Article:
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Indexed/Abstracted in: BIOSIS Previews, Current Contents/Clinical Medicine, EMBASE, PubMed/MEDLINE, Science Citation Index Expanded (SciSearch), Scopus
Impact Factor 1,6
Online ISSN 1827-1898
D’Amelio P. 1, Cristofaro M. A. 1, De Vivo E. 2, Ravazzoli M. 1, Grosso E. 3, Di Bella S. 1, Aime M. 4, Cotto N. 4, Silvagno F. 2, Isaia G. 1, Pescarmona G. P. 2
1 Section of Gerontology, Department of Surgical and Medical Disciplines, University of Turin, Turin, Italy;
2 Center for Experimental Research and Medical Studies (CERMS), San Giovanni Battista Hospital, Turin, Italy;
3 Department of Orthopedics, Traumatology, CTO-CRF-ICORMA Hospitals, Turin, Italy;
4 SC Occupational Medicine, San Giovanni Battista Hospital, Turin, Italy
Aim. It is well known that vitamin D plays an important role in maintaining bone homeostasis and in regulating calcium absorption. The active form of vitamin D interacts with its receptor the VDR that is expressed in multiple tissues and it is involved in platelets (PLTs) function. In the present study we evaluate PLTs’ VDR expression in osteoporotic as opposed to healthy subjects.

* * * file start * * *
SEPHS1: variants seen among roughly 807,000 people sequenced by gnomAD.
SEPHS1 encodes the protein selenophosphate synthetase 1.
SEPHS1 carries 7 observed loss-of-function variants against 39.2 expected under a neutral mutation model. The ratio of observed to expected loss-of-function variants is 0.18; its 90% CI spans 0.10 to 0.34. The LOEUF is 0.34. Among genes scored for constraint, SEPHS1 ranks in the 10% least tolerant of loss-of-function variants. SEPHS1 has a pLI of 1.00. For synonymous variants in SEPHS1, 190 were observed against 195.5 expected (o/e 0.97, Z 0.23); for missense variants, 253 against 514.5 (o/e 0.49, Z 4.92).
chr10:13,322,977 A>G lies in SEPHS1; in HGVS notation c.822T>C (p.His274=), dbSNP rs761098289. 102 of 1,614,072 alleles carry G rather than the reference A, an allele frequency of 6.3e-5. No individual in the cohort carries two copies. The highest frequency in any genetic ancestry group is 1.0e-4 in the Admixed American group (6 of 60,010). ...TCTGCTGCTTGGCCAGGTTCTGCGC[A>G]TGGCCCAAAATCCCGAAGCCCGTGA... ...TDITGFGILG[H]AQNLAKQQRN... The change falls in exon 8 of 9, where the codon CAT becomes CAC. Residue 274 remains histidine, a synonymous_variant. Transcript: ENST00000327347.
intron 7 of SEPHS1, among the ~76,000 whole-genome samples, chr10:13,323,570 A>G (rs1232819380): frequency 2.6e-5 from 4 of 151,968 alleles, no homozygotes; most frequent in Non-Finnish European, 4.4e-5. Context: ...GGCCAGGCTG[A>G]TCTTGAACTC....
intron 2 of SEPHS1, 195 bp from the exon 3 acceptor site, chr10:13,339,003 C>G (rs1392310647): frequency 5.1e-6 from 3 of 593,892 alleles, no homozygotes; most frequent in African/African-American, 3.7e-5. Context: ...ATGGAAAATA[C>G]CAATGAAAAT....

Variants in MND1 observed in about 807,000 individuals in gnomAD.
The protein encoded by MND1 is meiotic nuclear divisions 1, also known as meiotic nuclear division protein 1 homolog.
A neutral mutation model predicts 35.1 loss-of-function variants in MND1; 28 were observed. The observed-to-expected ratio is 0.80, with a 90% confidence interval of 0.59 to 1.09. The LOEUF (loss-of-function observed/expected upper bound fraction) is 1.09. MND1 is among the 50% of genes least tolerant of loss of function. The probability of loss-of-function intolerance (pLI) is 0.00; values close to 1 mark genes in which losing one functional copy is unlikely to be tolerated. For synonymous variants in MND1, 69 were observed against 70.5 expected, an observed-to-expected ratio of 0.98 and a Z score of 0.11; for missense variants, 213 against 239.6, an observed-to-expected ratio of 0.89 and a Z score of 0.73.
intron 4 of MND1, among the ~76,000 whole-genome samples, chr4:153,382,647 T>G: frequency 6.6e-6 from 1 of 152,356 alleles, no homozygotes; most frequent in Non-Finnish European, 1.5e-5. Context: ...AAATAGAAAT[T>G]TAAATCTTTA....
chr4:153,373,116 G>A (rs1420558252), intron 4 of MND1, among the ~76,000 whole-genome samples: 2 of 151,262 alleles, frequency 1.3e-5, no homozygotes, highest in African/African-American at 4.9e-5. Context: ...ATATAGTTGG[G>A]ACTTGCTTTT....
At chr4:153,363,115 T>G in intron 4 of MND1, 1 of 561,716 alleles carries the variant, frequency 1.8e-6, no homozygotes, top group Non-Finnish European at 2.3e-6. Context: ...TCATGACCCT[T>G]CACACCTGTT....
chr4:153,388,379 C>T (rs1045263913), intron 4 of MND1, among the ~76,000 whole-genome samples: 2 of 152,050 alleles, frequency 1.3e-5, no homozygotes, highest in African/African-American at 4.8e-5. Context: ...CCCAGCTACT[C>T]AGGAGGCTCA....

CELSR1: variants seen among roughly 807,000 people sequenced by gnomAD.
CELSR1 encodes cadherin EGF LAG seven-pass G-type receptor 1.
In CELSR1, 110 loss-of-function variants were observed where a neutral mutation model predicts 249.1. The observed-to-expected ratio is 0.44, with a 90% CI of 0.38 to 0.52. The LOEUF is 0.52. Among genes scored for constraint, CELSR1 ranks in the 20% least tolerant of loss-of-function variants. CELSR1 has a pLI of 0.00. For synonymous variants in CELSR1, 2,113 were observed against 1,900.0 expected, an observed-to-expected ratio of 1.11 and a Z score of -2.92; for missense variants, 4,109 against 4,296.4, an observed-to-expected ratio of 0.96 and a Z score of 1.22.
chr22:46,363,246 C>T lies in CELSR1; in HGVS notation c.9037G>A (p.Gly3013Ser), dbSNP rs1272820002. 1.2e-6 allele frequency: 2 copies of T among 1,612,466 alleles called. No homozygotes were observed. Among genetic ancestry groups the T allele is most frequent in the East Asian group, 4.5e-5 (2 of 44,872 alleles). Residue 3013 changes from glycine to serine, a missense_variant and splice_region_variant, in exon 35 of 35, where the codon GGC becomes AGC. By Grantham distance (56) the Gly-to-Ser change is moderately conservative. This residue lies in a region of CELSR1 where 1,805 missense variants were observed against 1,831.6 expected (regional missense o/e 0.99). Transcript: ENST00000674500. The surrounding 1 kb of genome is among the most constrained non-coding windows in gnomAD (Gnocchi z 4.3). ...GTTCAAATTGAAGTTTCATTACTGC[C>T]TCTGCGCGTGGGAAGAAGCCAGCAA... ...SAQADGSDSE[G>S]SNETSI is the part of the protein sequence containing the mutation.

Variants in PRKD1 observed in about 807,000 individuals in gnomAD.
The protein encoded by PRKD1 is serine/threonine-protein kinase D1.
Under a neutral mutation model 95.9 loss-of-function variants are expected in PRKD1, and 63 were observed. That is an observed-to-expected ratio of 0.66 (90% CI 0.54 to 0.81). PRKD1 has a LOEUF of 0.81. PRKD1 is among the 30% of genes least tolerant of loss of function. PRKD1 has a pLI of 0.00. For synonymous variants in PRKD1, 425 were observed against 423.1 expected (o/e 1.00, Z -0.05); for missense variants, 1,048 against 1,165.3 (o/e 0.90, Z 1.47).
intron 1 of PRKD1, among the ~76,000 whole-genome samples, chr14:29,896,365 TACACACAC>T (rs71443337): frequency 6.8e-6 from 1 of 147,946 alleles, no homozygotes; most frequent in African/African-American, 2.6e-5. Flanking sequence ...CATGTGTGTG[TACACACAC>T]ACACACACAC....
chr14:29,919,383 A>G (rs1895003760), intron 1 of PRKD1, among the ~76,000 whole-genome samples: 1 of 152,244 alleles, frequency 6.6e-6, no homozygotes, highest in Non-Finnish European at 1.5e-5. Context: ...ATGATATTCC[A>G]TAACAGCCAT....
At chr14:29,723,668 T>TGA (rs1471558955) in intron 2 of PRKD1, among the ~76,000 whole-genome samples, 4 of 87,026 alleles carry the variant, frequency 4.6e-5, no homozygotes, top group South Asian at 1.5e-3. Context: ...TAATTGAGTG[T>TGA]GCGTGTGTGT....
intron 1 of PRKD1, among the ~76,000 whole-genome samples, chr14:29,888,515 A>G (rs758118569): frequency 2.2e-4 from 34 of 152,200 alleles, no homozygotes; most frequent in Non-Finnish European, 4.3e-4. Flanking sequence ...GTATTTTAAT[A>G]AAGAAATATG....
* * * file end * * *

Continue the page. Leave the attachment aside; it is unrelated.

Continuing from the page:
Methods. We enrolled in the study 77 women with postmenopausal osteoporosis, 33 healthy women of childbearing age, 49 healthy men, and 11 healthy women matched with patients for age and postmenopausal period. Thirty-nine patients had had one femoral fracture occurred after the age of fifty and attributable to primary osteoporosis. Bone mineral density, markers of bone metabolism and VDR levels were measured in all the subjects.
Results. Our data show that VDR level is lower in patients as respect to controls and is positively correlated with bone density, but not with markers of bone metabolism. We also found a decrease in the phosphorus levels in patients without differences in vitamin D levels and in the dietary calcium intake.
Conclusion. The lower VDR expression in osteoporotic could indicate a lower ability to respond to vitamin D, and could be the explanation of the increase in the PTH and decrease in the phosphorus levels in patients with respect to controls.